“I told the soldiers I teach: Love of Israel is not love of the land; it’s love of the people living in the land. There is no holiness in earth.”
— Rabbi David Hartman
True, the notion of “holy land” in our culture is dangerous; it often serves as a theological excuse to appropriate property and persecute others. However, saying that there is no holiness in the earth is also problematic. It makes us detached. It undermines our culture’s ancient, inseparable connection between “Adam” (ost), the first human, and “adamah” (vnst, “earth”). It threatens to disconnect us from our physical surroundings and from our physical selves. Particularly in an age of extreme consumerism, globalization, and cyber-technology, we have to take care to maintain our relationship with our simple, local, physical reality.
In our tradition, place, makom (ouen), is one of the most common and significant names given to God. This name originates in Jacob’s dream. He awakens and says: “Surely the Lord is in this place; and I knew it not.”
As with Jacob, our spirituality should reach for the heavens, yet grow out of the stones that are found in our local environment. We can make every place into “beit El,” the house of God, if only we remember to dream up a ladder that connects and reconnects “who we are” and “where we are.” In this sense, the land is holy, and it is our ongoing responsibility to keep it so.
— Or Zohar
What do people in Israel today mean when they say that the land of Israel is holy? I Googled vnstv ,ause (“holiness of the land”) and immediately got my answer.
The second hit was a link to a popular Hebrew website, kipa.co.il, which focuses on Jewish issues in Israel. Rabbi Eliezer Melamed of Yeshiva Har Bracha responded to the “Ask the Rabbi” query. (Melamed’s most recent moment in the spotlight was when he ruled that his yeshiva students were permitted to illegally refuse orders to evacuate settlements.)
Melamed begins, much as Rabbi Or Zohar does, by explaining that God manifests in many ways, and powerful religious moments often come when we feel godliness emanating through the earth itself. He talks about the harm separating this physical experience of God from the spiritual experience — but it doesn’t take long for him to veer into the absurd: “And therefore those who live outside of the Land, in a place where the Faith can be revealed in spiritual life only, are considered as an idol worshiper and have no God, because God is One and the person who lives outside of the land cannot connect with God the One (sjt oav), who created the Heavens and Earth.”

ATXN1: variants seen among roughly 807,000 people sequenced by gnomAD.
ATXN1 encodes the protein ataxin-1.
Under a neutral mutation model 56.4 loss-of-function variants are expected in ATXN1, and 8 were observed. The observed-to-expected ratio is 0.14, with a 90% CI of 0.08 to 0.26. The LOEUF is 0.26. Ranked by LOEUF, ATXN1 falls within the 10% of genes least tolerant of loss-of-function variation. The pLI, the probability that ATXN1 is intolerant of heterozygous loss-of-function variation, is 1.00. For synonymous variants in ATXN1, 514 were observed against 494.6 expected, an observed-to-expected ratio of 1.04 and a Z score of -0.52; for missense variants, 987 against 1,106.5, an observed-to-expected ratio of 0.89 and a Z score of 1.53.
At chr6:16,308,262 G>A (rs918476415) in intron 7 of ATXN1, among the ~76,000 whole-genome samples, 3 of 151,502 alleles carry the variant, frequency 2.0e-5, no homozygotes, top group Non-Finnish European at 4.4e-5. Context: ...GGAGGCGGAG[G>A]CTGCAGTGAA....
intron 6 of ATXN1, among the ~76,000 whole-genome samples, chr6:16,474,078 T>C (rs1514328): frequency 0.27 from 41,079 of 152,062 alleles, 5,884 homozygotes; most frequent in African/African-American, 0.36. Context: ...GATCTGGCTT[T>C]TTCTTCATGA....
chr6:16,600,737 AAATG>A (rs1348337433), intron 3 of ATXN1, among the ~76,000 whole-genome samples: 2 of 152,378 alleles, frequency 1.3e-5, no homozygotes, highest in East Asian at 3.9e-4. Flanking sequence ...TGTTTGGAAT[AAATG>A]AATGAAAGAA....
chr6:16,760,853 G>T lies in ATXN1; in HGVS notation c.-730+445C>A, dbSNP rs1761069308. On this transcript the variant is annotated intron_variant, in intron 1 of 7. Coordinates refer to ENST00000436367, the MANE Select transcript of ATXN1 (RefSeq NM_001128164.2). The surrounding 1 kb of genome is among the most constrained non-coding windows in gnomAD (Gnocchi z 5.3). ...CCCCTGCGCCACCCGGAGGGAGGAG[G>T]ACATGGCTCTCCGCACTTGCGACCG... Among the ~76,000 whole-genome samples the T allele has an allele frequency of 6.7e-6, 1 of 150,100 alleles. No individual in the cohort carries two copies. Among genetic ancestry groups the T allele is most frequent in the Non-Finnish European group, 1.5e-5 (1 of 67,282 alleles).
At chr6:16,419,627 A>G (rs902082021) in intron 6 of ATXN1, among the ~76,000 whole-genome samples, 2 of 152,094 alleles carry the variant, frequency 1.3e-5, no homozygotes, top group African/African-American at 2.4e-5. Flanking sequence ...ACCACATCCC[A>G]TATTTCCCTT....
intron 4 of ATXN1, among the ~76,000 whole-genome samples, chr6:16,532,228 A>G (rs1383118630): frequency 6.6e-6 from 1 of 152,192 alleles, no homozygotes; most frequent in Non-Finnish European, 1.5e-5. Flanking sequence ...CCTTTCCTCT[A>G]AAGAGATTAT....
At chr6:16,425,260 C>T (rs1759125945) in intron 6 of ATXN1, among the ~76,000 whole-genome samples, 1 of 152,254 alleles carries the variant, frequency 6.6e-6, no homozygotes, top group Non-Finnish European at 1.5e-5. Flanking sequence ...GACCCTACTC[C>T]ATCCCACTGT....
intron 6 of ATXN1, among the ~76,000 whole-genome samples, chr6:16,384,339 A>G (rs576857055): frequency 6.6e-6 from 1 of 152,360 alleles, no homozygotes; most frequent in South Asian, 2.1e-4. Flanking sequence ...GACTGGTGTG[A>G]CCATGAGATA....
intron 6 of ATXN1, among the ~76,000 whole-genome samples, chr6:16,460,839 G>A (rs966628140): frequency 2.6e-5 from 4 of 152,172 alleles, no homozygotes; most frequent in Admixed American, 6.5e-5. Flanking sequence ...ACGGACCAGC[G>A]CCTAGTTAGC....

So while I agree that we should not detach religious significance from the earth, we must be exceptionally cautious in seeking “place holiness” when the narrative that reigns — on Google and in Israel more broadly— is that of Rabbi Melamed of Har Bracha.
— Elisheva Goldberg
The notion of “holy land” used “as a theological excuse to appropriate property and persecute others” is nothing less than occupation. There is nothing holy in occupation, and as long as there is occupation in Israel/Palestine there is no holiness in the “holy land.” In Judaism, all human life is sacred and, as Rabbi Or Zohar points out, in Jewish thought the land is sacred as well. But the individuals and state institutions in Israel that perpetrate occupation are far from sacred, and they violate fundamental principles of Jewish ethics. Instead of making the notion of “holy land” into an excuse to occupy, we must reclaim the holiness in the land for all its inhabitants. To do so, we may look to the Jewish principle of tochecha (vjfu,) — rebuke — and speak out against the overt violations of the sacred in Israel and Palestine. Speaking out against these injustices will empower us to work toward a more just world and to reclaim the holiness in the “holy land.”
— Oren Kroll-Zeldin
Rabbi Or Zohar speaks to the notion of reaching for the heavens while growing out of the stones of our local environment. This symbiotic relationship, this pull and counter-pull of heaven and earth, is established in the very first line of the Torah. In one breath, God creates shamayim (the heavens) and its corresponding sense of holiness, “spirituality,” as well as aretz (earth) and its application of holiness, “justice.” Humanity is thus tasked with its primary challenge: to masterfully navigate two seemingly distinct worlds.
We must be neither ascetic gurus who seclude ourselves in pursuit of spirituality nor toilers for justice in this world without a greater recognition and awe of the cosmos and creation. We are given our purpose: l’avda u’lishamra, to work and to protect. (Genesis 2:15) Unlike other explicitly commanded biblical injunctions, this engagement with the earth is more of a statement of fact. These actions are stated as an intrinsic part of our purpose. It is significant that, rather than protecting just the heavens or the earth, we are instead tasked with working toward and protecting gan eden — the idyllic combination of the two. As we tap into the holiness that God imbued in both the earth and its people, we augment the divine spark, the tzelem Elokim, from the ground up.
— Amy Beth Oppenheimeremail print